Frequency control circuit 10 is a microprocessor-based controller having programmed steps as shown in FIG. 3. Program execution starts with operations block 30 which directs the sweeping of frequency control voltage V by incrementing it by a predetermined amount ΔV. Exit then is to decision block 31 which checks to see if there is a logical-0 input from threshold comparator 9 indicating that FEC decoder 7 is synchronized with the demodulated signals. If the answer is negative, blocks 30 and 31 are repeated until synchronization is established in decoder 7 by the closed-loop synchronizer formed by phase shifter 6, integrator 7 and threshold comparator 9. Thus, the VCO control voltage is swept across a range of voltages in search of synchronization.
If there is a logic-0 input from comparator 9, the answer is affirmative in block 31 and control proceeds to operations block 32 which directs the initialization of a variable i to one. The initialization step is followed by operations block 33 which directs the setting of the control voltage V to a voltage Vi which is one of a plurality of voltage levels stored in a lookup table as corresponding to possible frequency values, or candidate lock points at which the demodulator is likely to be synchronized with the symbol rate of the incoming PSK signal. Therefore, VCO 5 is driven at one of the candidate voltages, and the demodulator is synchronized with the symbol rate of the incoming signal in a lock point which may be either false or valid.
Exit then is to block 34 which directs the computing of the formula 10 log10 (PS /PN) using the power level signals PS and PN supplied from power detector 11 to derive the signal-to-noise ratio S/N of that lock point. The signal-to-ratio value S/N derived in step 34 is stored in a location of the lookup table adjacent the corresponding candidate voltage Vi to form with it a data set DS (block 35). Control exits to block 36 in which the variable i is compared with a constant K representing a maximum number of the voltage levels stored in the lookup table. If i is not equal to K, exit is to block 37 which increments the variable i by one and control returns to block 33 to set the control voltage V to the next candidate by selecting one from the lookup table. In this way, the VCO frequency is successively shifted from one candidate frequency value to another so that the demodulator is successively synchronized in different lock points. When all frequencies of the candidate lock points are tested, control exits from decision block 36 to operations block 38 which directs the detecting of data set DS having a maximum value of the signal-to-noise ratios stored in the lookup table, and proceeds to block 39 to set the control voltage V to the candidate voltage Vi at which the maximum signal-to-noise ratio is derived. Synchronization that occurs at the lock point having the maximum signal-to-noise ratio is interpreted as a valid lock and synchronizations at all the other lock points are interpreted as false locks.
In a preferred embodiment, frequency control circuit 10 is further programmed to repeat the process of FIG. 3 as shown in FIG. 4 to determine whether the lock point detected in a manner described above is one that occurs at a maximum likelihood frequency. This program starts with an initialization step 40 which directs the setting of a variable n to one. Control exits to block 41 to execute the frequency control subroutine of FIG. 3 to derive a frequency control voltage V(1). This voltage is stored in a memory (block 42) and control proceeds to block 43 to increment the variable n by one. The frequency control subroutine is repeated (block 44) to derive another frequency control voltage V(n) which is stored in the memory (block 45). Exit then is to decision block 46 in which any two of the stored voltages V(n) are compared with each other to detect equality therebetween. If frequency control signals having an equal value are not detected, control returns to block 43 to further increment the variable n to repeat the frequency control subroutine again to obtain another frequency control voltage V(n) for comparison with each of the stored voltage values V(n). The process is repeated until equality is detected between at least two stored values. When this occurs, the voltages V(j) having the equal value are interpreted as corresponding to a most likely frequency (where j=1,2, . . . n), and control proceeds to block 47 to set the control voltage V to the most likely voltage V(j) with which VCO 10 is subsequently controlled.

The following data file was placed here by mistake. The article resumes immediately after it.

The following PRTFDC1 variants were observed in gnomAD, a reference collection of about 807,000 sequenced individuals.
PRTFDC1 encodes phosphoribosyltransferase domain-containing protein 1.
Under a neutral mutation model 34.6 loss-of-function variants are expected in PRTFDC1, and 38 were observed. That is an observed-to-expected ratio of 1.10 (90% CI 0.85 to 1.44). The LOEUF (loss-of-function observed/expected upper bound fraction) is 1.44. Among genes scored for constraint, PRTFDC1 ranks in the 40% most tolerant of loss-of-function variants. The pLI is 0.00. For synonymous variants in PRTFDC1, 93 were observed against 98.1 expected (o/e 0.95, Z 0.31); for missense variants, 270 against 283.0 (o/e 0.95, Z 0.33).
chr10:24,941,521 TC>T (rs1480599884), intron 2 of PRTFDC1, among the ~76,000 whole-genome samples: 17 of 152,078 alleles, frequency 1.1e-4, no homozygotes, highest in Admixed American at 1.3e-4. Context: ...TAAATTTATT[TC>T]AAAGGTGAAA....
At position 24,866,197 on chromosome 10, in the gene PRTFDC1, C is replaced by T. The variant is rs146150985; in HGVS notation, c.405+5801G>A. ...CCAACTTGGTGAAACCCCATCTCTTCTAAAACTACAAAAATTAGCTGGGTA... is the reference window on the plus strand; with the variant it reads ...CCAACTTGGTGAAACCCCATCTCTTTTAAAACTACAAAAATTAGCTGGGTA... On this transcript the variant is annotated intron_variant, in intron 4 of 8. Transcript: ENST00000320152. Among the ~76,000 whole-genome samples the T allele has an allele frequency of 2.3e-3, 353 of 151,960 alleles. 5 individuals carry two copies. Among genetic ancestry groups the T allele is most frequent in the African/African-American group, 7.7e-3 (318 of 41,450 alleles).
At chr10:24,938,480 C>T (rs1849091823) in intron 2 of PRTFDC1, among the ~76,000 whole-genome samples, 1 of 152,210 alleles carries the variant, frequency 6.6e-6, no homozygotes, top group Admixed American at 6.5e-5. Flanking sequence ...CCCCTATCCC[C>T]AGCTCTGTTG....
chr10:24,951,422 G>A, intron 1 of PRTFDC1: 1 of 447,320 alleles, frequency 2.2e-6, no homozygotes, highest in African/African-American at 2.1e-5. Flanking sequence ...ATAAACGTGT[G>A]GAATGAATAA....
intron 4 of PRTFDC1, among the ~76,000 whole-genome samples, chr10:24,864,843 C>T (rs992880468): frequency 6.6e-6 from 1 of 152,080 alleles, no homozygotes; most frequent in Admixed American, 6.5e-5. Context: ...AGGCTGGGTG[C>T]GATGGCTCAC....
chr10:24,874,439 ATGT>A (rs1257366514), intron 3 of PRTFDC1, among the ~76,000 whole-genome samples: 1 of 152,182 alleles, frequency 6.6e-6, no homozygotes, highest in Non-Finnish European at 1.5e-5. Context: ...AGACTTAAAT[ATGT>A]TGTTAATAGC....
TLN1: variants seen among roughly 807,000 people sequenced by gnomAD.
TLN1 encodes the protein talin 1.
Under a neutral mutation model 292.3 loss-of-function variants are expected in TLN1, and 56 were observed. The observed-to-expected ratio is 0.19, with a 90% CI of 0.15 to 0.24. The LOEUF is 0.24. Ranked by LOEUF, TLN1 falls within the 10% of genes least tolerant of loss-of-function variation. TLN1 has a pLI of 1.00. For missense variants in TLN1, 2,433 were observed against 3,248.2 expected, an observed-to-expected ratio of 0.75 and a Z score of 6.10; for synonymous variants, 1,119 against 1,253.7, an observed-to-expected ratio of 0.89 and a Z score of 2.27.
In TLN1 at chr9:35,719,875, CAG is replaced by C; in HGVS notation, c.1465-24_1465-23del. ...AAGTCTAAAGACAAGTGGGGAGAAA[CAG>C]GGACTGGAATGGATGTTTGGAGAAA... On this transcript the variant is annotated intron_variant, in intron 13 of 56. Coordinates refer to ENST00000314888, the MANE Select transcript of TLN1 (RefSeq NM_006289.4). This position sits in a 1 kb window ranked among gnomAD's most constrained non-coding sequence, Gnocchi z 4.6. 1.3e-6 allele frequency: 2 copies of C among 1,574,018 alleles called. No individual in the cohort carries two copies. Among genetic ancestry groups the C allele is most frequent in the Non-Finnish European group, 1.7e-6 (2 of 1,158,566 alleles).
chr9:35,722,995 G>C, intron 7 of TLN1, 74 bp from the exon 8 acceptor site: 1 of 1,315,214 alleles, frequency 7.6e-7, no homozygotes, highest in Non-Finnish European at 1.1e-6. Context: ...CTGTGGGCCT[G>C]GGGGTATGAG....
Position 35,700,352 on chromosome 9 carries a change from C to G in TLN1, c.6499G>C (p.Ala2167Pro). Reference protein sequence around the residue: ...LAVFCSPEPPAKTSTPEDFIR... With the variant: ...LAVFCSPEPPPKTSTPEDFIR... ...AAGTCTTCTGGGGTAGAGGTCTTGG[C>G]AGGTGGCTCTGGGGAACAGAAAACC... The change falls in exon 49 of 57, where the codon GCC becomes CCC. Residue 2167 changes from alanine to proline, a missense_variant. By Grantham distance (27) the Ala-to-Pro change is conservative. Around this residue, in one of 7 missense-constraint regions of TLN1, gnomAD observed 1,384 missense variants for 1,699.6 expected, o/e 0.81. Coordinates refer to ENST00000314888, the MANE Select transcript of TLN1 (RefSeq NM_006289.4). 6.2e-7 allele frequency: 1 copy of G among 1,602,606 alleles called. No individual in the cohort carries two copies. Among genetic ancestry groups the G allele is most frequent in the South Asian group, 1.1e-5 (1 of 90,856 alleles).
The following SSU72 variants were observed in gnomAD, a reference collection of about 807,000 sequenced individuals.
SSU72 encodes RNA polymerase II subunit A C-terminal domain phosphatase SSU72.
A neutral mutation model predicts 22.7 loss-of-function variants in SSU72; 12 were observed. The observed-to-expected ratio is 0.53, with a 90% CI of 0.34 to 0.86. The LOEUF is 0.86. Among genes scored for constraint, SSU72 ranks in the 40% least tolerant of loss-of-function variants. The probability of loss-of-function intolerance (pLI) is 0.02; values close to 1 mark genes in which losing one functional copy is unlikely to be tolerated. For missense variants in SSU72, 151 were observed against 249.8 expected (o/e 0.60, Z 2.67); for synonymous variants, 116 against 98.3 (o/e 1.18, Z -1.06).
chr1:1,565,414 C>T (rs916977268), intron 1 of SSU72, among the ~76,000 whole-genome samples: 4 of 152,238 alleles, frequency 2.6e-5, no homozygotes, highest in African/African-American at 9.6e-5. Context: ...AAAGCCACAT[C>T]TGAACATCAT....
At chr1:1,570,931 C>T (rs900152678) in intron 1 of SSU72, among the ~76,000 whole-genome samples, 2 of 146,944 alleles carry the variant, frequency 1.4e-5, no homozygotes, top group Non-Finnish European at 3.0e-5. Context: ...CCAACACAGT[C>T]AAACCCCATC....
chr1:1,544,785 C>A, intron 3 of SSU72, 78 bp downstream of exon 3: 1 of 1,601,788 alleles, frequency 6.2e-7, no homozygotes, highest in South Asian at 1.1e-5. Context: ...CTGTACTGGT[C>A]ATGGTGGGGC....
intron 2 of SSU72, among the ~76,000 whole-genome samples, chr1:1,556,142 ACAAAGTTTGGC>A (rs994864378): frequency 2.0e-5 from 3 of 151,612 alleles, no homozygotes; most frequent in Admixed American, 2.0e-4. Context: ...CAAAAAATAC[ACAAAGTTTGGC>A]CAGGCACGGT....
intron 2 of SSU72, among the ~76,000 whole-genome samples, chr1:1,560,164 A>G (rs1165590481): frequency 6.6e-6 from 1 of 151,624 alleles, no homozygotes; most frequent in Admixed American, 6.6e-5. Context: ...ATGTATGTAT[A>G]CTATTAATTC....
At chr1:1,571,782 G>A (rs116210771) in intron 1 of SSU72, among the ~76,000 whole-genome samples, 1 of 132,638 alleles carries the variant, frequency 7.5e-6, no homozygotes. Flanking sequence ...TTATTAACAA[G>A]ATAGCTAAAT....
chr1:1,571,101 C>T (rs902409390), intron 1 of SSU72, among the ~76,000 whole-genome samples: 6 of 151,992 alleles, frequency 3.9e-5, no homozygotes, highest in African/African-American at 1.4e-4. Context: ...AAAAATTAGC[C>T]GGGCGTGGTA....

It is seen from the foregoing that valid synchronization is established when the signal-to-noise ratio of a received convolutional PSK code signal is at a maximum if the bit error rate of the signal as detected at the output of FEC decoder 7 is smaller than a predetermined value.
FIG. 5 is a plot of signal-to-noise ratio of the demodulated signal as a function of the ratio of energy per bit to noise of the incoming signal for a zero frequency deviation and non-zero frequency deviations obtained from computer simulation for purposes of comparison. It is seen that significant differences exist between the curve designated Δf=0 in which valid coherent state occurs and the curves designated Δf=fs /8, fs /4 and fs /2 in which quasi-coherent states exist (where fs indicates frequency deviation of the recovered carrier from the symbol rate of received M-ary PSK convolutional codes).
The foregoing description shows only preferred embodiments of the present invention. Various modifications are apparent to those skilled in the art without departing from the scope of the present invention which is only limited by the appended claims. Therefore, the embodiments shown and described are only illustrative, not restrictive.
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|U.S. Classification||375/327, 375/331, 714/789, 375/329, 329/307|
|International Classification||H04L27/22, H04L27/18, H04L27/00, H04L27/227|
|Cooperative Classification||H04L2027/0093, H04L27/2273, H04L2027/0067, H04L27/186, H04L2027/0073|
|European Classification||H04L27/18P, H04L27/227A3|
|Feb 29, 1996||FPAY||Fee payment|
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|Apr 12, 2000||FPAY||Fee payment|
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|Mar 17, 2004||FPAY||Fee payment|
Year of fee payment: 12